The Company terminated from employment all UFE Union officers,
headed by its president, Mr. Manuel Sarmiento, and all the members of the
negotiating panel for instigating and knowingly participating in a strike staged
without any notice of strike filed and a strike vote obtained for the purpose.

Union filed a complaint for illegal dismissal. The Labor Arbiter, in a
decision upheld the validity of the dismissal of said union officers. The decision
was later on affirmed by the respondent NLRC en banc.

Respondent company contends that, "with the dismissal of UFE officers
including all the members of the union negotiating panel as later on confirmed
by the NLRC en banc, said union negotiating panel thus ceased to exist and its
former members divested of any legal personality, standing and capacity to act
as such or represent the union in any manner whatsoever."

Petitioner filed a motion asking the Secretary of Labor to assume
jurisdiction over the dispute of deadlock in collective bargaining between the
parties. Labor Secretary Franklin Drilon certified to the NLRC the said dispute
between the UFE and Nestle, Philippines, Secretary Drilon hereby certifies the
sole issue of deadlock in CBA negotiations and directed the NLRC to call all the
parties immediately and resolve the CBA deadlock within twenty (20) days from
submission of the case for resolution.

NLRC promulgated a resolution granting wage increase and other
benefits to Nestle's employees, ruling on non-economic issues, as well as
absolving the private respondent of the Unfair Labor Practice charge.

Petitioner finds said resolution to be inadequate and accordingly, does
not agree therewith. Hence elevated the case to the Supreme Court.

Issue:

Whether or not NLRC committed grave abuse of discretion in resolving
the issue certified by the Secretary of Labor and formulating a CBA?

Held:

Surpreme Court ruled that NLRC committed no grave abuse of discretion
in resolving the issue certified by the Secretary and formulating a CBA which
covers the bargaining units consisting of all regular rank-and-file employees of
the respondent company.

Public respondent's resolution is proper and in full compliance
with the order of the Secretary of Labor.

The assumption of jurisdiction by the Secretary of Labor over labor
disputes causing or likely to cause a strike or lockout in an industry
indispensable to the national interest is in the nature of a police power
measure. It cannot be denied that the private respondent is engaged in an
undertaking affected with public interest being one of the largest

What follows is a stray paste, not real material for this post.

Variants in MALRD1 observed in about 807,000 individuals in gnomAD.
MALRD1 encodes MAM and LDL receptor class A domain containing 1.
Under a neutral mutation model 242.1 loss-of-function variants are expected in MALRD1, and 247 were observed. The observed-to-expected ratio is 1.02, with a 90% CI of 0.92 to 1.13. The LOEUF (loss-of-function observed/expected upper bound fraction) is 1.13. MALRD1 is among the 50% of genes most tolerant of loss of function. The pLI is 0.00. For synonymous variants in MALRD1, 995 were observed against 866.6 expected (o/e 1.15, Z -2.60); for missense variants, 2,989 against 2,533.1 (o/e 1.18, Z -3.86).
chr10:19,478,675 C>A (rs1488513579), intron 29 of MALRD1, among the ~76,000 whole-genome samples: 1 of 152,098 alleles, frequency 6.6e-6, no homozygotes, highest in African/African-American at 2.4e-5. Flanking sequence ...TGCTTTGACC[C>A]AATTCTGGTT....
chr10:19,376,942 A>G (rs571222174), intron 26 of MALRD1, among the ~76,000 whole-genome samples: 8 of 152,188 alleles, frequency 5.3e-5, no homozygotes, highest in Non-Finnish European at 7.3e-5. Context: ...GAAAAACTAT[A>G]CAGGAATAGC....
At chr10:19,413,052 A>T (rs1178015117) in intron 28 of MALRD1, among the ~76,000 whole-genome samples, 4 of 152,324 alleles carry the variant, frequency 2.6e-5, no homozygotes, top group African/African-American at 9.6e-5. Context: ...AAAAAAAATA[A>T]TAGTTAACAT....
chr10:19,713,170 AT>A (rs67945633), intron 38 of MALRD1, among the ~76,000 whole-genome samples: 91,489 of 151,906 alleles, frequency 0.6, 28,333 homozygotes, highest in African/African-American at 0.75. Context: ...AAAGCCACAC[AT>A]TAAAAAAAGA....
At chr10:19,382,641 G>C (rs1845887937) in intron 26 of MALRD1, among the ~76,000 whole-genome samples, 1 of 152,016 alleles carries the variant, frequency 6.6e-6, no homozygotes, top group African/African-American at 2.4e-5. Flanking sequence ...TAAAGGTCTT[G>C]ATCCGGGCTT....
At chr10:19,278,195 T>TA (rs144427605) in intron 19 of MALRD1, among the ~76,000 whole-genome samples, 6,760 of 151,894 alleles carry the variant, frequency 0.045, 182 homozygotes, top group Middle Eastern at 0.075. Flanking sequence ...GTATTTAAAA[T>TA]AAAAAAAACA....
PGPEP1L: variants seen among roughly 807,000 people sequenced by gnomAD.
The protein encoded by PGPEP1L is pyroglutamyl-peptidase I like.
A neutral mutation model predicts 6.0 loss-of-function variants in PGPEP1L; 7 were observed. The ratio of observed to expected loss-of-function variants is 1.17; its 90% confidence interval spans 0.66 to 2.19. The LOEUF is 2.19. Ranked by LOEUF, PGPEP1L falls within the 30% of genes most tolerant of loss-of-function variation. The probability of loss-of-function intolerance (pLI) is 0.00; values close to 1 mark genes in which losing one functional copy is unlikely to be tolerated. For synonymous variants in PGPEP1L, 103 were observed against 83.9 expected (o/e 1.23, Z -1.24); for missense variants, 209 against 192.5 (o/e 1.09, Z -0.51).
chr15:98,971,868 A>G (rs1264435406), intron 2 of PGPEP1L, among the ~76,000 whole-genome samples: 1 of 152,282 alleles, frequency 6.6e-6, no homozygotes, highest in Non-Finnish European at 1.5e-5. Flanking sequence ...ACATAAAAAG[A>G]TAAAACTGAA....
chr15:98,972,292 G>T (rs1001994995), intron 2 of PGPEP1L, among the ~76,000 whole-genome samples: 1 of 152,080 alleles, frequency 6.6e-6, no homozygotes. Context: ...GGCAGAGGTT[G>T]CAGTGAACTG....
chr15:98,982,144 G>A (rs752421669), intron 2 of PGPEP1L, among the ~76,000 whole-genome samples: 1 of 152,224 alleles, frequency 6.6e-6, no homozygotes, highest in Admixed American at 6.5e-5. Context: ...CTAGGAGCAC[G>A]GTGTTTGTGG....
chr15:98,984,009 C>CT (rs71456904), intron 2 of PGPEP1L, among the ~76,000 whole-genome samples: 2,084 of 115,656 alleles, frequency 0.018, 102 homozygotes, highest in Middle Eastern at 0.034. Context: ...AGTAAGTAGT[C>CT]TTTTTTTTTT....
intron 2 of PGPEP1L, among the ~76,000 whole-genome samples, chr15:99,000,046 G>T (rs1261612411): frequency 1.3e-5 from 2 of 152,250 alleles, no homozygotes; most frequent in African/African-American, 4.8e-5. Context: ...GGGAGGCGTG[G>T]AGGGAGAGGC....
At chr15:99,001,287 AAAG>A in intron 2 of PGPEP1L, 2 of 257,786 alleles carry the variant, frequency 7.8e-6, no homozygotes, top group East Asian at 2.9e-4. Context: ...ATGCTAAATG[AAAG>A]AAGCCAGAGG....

manufacturers of food products. The compelling consideration of the
Secretary's assumption of jurisdiction is the fact that a prolonged strike or
lockout is inimical to the national economy and thus, the need to
implement some measures to suppress any act which will hinder the
company's essential productions is indispensable for the promotion of
the common good.

Under this situation, the Secretary's certification order for compulsory
arbitration which was intended for the immediate formulation of an already
delayed CBA was proper. Corollarily, the NLRC was thereby charged with the
task of implementing the certification order for compulsory arbitration. As the
implementing body, its authority did not include the power to amend the
Secretary's order.

For the same reason, the prayer to declare the respondent company
guilty of acts of unfair labor practice when it allegedly resorted to
practices designed to delay the collective bargaining negotiations cannot
be subsumed in this petition, it being beyond the scope of the
certification order.

The NLRC is not sitting as a judicial court but as an administrative body
charged with the duty to implement the order of the Secretary. Its function only
is to formulate the terms and conditions of the CBA and cannot go beyond the
scope of the order.

In the light of the foregoing, the Court upholds the pronouncement of the
NLRC holding the CBA to be signed by the parties effective upon the
promulgation of the assailed resolution.

Moreover, the NLRC is in the best position to formulate a CBA which is
equitable to all concerned. Because of its expertise in settling labor disputes, it
is imbued with competence to appraise and evaluate the evidence and positions
presented by the parties. In the absence of a clear showing of grave abuse of
discretion, the findings of the respondent NLRC on the terms of the CBA
should not be disturbed.

Petition Dismissed.